If you’re missing teeth, having pain or unhappy with your smile, you might be a candidate for dental implants. We spoke with Wellington, FL cosmetic dentist Sam S. Sadati, DDS to learn about dental implants and how they can benefit you for decades to come.
What are dental implants?
Unlike a crown or a dental bridge, an implant is actually embedded into the jawbone, just like the root of a real tooth. They can be used to replace just one tooth all the way up to a full mouth of teeth depending on the needs of the patient. In fact, implants are so effective that these days, dentists prefer non-removable teeth anchored to implants rather than old-fashioned removable dentures.
“We want to secure patients’ teeth using implants in their mouth; something that they don’t have to take out and keep in a glass of water,” Dr. Sadati explains. “That’s the whole idea of implants; we want to give patients something that is fixed, comfortable and healthy, and that will function properly.”
Dental implants are comprised of a few parts: the titanium screw base that is embedded into the jawbone, the abutment which serves as a connecting piece for the screw and the crown, and lastly the crown itself. Together, the implant works like a new natural tooth.
“Implants are supposed to last a very long time if not a lifetime,” Dr. Sadati says. “That depends on how well patients take care of them, and on the patient’s health, but with maintenance they could be expected to last a lifetime.”
Who should get dental implants?
“Because a dental implant is a replacement for any missing teeth, a person might be missing one tooth or several teeth,” Dr. Sadati explains. “But implants may also be an option for teeth that are out of shape and damaged to the point of needing to be extracted. The patient might even need all their teeth extracted and replaced with implants and restoration.”
Implants vs. bridges
Usually, an implant is considered in comparison to a traditional bridge, which works by placing crowns over healthy natural teeth and ‘bridging the gap’ of missing teeth with artificial ones. In a traditional bridge, nothing is implanted into the bone, so the resulting bite is usually weaker and doesn’t stop the bone loss that happens as soon as we lose teeth. They are also expected to last around 10-15 years, significantly less than an implant.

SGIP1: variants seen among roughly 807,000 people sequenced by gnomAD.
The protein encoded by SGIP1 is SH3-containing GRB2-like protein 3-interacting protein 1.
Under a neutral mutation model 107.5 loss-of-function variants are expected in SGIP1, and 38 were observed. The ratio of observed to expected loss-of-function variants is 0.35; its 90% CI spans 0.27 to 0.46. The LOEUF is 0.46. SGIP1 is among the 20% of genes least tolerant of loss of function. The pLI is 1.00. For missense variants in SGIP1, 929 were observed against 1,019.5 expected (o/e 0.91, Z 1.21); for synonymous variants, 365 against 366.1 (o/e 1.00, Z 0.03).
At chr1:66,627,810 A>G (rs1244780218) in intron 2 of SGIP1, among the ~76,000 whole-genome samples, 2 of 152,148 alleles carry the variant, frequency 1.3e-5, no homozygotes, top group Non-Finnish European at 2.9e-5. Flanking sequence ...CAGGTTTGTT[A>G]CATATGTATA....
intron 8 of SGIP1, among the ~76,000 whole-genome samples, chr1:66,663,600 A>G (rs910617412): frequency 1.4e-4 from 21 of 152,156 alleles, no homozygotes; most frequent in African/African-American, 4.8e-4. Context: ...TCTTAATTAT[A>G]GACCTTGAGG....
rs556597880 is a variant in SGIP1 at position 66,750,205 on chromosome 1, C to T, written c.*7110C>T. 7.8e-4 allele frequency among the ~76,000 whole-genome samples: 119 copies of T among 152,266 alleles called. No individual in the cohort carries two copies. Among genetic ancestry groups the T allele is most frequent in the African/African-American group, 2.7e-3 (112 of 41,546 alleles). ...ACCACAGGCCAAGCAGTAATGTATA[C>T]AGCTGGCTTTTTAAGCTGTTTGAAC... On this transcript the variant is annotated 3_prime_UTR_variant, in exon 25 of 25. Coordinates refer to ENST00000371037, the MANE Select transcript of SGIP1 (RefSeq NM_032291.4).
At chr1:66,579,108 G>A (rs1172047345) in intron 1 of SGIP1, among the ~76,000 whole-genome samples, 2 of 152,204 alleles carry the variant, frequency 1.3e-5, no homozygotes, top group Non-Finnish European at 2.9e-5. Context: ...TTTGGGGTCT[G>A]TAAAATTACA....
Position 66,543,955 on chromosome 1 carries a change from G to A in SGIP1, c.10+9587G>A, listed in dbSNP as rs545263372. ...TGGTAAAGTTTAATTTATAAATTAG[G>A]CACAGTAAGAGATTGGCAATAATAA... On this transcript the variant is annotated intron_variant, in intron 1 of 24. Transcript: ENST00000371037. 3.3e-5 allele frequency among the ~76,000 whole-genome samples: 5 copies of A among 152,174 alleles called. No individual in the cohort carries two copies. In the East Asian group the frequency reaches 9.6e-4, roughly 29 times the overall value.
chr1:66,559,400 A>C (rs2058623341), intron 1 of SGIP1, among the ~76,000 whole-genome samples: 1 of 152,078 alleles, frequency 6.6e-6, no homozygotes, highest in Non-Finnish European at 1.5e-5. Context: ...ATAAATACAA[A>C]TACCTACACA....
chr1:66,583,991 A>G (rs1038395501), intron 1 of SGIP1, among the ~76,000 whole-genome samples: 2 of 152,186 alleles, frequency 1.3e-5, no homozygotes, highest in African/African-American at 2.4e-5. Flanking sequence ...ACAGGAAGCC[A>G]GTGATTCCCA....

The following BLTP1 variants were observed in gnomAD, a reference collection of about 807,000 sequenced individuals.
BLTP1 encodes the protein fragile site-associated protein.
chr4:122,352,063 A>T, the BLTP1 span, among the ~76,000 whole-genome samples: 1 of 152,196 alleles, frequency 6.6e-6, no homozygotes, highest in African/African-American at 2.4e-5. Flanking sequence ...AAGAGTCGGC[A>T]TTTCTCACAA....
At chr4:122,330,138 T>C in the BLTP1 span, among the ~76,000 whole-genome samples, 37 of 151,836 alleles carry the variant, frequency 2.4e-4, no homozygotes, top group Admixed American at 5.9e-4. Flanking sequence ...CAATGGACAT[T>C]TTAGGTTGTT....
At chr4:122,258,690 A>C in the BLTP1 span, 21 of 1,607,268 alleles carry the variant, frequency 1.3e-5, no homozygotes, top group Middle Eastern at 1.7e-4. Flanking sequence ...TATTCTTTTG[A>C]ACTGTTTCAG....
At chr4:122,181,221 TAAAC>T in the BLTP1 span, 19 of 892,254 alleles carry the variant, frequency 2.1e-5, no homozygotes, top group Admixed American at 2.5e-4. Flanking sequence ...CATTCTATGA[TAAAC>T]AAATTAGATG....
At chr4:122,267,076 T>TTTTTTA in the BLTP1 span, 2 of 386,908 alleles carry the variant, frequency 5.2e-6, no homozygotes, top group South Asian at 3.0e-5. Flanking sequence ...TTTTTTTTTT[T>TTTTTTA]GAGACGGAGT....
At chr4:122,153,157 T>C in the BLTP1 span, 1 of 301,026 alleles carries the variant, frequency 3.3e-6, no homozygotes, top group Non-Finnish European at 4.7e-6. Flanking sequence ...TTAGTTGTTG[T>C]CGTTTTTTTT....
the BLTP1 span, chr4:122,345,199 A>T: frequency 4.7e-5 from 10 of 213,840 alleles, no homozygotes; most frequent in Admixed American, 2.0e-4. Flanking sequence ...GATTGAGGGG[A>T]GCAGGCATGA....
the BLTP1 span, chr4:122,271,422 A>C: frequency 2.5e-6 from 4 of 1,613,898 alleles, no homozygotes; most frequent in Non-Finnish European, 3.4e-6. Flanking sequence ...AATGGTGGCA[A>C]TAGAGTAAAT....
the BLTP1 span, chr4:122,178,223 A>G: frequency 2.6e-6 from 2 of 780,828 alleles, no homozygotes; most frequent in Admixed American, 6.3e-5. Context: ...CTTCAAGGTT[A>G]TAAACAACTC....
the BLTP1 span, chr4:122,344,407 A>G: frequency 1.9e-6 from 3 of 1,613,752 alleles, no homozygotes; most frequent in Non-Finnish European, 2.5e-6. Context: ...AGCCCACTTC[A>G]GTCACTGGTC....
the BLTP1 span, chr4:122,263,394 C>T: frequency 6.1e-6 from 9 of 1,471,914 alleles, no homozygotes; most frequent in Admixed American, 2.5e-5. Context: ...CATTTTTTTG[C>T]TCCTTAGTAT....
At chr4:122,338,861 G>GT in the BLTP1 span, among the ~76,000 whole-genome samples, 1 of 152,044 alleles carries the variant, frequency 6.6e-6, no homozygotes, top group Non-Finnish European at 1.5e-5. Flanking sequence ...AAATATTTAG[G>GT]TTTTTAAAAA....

According to Dr. Sadati, almost anyone can be a good candidate for an implant, as long as they’re committed to caring for them. “A good candidate would be somebody who is committed to proper home care,” Dr. Sadati says. “We can almost always graft bone into place if they do not have enough bone volume that is needed to place the implants. Ultimately, someone who is missing teeth or has pain in their teeth, someone who is not comfortable with the way their teeth look or feel, all of those people are good candidates. You want someone who cares enough for their oral health to keep up the maintenance of the implant.”
What is the process like?
Like all procedures, it really depends on the patient. “After a consultation, we use 3D imaging to see how much bone the patient has and the overall condition of their mouth,” Dr. Sadati explains. “Then we design how many teeth we are replacing and how many implants would be needed to secure those teeth and in what exact position in the jawbone they need to be placed.”
Depending on the condition of the patient’s jawbone, at the same appointment that the implant is surgically placed, a temporary restoration can be fitted over that too.